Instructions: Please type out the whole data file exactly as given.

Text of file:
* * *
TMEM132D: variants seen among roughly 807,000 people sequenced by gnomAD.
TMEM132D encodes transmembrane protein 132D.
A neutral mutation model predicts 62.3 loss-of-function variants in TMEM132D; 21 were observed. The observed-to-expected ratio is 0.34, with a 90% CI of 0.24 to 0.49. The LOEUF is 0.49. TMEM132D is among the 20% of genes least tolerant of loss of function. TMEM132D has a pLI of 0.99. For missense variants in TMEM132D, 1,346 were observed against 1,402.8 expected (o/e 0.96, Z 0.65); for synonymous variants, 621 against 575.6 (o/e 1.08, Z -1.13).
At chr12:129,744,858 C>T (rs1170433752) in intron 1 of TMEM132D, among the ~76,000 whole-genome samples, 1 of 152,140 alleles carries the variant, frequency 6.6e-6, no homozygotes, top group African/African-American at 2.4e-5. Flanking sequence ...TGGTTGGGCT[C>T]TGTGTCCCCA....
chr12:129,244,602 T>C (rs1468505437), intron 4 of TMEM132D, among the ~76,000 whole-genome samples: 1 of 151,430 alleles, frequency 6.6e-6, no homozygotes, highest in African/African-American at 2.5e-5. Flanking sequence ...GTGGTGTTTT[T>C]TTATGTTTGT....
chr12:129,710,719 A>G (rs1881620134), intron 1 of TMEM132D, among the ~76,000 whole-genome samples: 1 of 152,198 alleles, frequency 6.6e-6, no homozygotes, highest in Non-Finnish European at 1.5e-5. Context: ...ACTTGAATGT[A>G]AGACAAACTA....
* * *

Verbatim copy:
TMEM132D: variants seen among roughly 807,000 people sequenced by gnomAD.
TMEM132D encodes transmembrane protein 132D.
A neutral mutation model predicts 62.3 loss-of-function variants in TMEM132D; 21 were observed. The observed-to-expected ratio is 0.34, with a 90% CI of 0.24 to 0.49. The LOEUF is 0.49. TMEM132D is among the 20% of genes least tolerant of loss of function. TMEM132D has a pLI of 0.99. For missense variants in TMEM132D, 1,346 were observed against 1,402.8 expected (o/e 0.96, Z 0.65); for synonymous variants, 621 against 575.6 (o/e 1.08, Z -1.13).
At chr12:129,744,858 C>T (rs1170433752) in intron 1 of TMEM132D, among the ~76,000 whole-genome samples, 1 of 152,140 alleles carries the variant, frequency 6.6e-6, no homozygotes, top group African/African-American at 2.4e-5. Flanking sequence ...TGGTTGGGCT[C>T]TGTGTCCCCA....
chr12:129,244,602 T>C (rs1468505437), intron 4 of TMEM132D, among the ~76,000 whole-genome samples: 1 of 151,430 alleles, frequency 6.6e-6, no homozygotes, highest in African/African-American at 2.5e-5. Flanking sequence ...GTGGTGTTTT[T>C]TTATGTTTGT....
chr12:129,710,719 A>G (rs1881620134), intron 1 of TMEM132D, among the ~76,000 whole-genome samples: 1 of 152,198 alleles, frequency 6.6e-6, no homozygotes, highest in Non-Finnish European at 1.5e-5. Context: ...ACTTGAATGT[A>G]AGACAAACTA....